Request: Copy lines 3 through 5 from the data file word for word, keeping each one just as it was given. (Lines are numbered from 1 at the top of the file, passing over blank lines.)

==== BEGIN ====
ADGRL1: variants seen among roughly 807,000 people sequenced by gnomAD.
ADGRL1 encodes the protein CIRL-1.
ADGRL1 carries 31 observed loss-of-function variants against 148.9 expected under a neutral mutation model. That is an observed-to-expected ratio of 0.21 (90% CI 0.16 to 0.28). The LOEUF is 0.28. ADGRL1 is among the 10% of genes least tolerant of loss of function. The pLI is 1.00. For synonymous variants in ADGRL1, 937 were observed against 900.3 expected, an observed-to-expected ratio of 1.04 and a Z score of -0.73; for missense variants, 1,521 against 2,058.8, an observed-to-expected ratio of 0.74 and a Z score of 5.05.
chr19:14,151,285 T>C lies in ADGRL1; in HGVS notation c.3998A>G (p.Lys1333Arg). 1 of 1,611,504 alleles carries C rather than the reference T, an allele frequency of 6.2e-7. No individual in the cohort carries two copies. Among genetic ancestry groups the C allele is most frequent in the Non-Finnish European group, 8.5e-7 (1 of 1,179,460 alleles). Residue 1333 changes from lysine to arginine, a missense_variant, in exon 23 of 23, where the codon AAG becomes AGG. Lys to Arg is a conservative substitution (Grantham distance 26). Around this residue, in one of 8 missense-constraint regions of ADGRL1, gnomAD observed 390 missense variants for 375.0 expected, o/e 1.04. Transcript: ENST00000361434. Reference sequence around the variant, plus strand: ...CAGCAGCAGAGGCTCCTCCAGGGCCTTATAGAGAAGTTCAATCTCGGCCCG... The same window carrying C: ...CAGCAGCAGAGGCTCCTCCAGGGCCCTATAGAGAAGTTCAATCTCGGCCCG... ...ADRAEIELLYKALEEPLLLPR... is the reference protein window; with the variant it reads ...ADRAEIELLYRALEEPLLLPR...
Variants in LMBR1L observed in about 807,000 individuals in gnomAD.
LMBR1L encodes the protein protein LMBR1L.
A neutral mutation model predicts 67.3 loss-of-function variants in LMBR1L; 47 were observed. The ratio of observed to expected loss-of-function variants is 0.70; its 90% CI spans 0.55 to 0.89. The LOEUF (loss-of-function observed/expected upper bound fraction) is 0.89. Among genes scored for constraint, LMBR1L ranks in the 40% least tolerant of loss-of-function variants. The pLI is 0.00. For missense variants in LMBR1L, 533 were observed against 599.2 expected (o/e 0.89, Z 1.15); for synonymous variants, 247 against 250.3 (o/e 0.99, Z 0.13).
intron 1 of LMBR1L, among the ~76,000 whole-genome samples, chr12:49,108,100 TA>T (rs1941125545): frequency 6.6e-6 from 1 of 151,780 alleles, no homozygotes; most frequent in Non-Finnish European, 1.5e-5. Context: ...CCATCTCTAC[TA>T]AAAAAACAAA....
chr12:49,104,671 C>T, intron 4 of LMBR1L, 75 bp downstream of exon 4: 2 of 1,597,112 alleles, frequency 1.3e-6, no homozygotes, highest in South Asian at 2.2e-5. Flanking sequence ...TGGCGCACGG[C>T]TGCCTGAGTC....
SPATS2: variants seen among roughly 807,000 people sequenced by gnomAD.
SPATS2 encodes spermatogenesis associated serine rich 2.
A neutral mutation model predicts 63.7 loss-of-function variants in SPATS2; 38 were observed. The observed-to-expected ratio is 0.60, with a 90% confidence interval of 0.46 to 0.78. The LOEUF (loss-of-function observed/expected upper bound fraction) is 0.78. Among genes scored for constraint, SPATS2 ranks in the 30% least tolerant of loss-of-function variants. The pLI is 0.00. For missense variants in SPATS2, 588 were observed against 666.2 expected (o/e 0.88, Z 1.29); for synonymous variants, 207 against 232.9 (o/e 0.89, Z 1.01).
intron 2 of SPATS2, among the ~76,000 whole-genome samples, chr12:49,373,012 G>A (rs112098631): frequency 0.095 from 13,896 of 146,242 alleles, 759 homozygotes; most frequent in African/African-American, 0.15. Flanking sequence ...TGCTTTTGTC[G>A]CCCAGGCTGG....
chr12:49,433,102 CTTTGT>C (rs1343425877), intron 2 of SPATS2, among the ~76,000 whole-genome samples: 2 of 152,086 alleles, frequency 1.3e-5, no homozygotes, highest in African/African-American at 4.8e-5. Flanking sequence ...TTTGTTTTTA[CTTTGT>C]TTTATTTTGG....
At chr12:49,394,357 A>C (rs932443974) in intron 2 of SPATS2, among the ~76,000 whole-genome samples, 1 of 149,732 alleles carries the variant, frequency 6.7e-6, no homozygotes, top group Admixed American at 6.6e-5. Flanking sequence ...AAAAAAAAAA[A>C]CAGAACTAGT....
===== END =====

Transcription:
ADGRL1 carries 31 observed loss-of-function variants against 148.9 expected under a neutral mutation model. That is an observed-to-expected ratio of 0.21 (90% CI 0.16 to 0.28). The LOEUF is 0.28. ADGRL1 is among the 10% of genes least tolerant of loss of function. The pLI is 1.00. For synonymous variants in ADGRL1, 937 were observed against 900.3 expected, an observed-to-expected ratio of 1.04 and a Z score of -0.73; for missense variants, 1,521 against 2,058.8, an observed-to-expected ratio of 0.74 and a Z score of 5.05.
chr19:14,151,285 T>C lies in ADGRL1; in HGVS notation c.3998A>G (p.Lys1333Arg). 1 of 1,611,504 alleles carries C rather than the reference T, an allele frequency of 6.2e-7. No individual in the cohort carries two copies. Among genetic ancestry groups the C allele is most frequent in the Non-Finnish European group, 8.5e-7 (1 of 1,179,460 alleles). Residue 1333 changes from lysine to arginine, a missense_variant, in exon 23 of 23, where the codon AAG becomes AGG. Lys to Arg is a conservative substitution (Grantham distance 26). Around this residue, in one of 8 missense-constraint regions of ADGRL1, gnomAD observed 390 missense variants for 375.0 expected, o/e 1.04. Transcript: ENST00000361434. Reference sequence around the variant, plus strand: ...CAGCAGCAGAGGCTCCTCCAGGGCCTTATAGAGAAGTTCAATCTCGGCCCG... The same window carrying C: ...CAGCAGCAGAGGCTCCTCCAGGGCCCTATAGAGAAGTTCAATCTCGGCCCG... ...ADRAEIELLYKALEEPLLLPR... is the reference protein window; with the variant it reads ...ADRAEIELLYRALEEPLLLPR...
Variants in LMBR1L observed in about 807,000 individuals in gnomAD.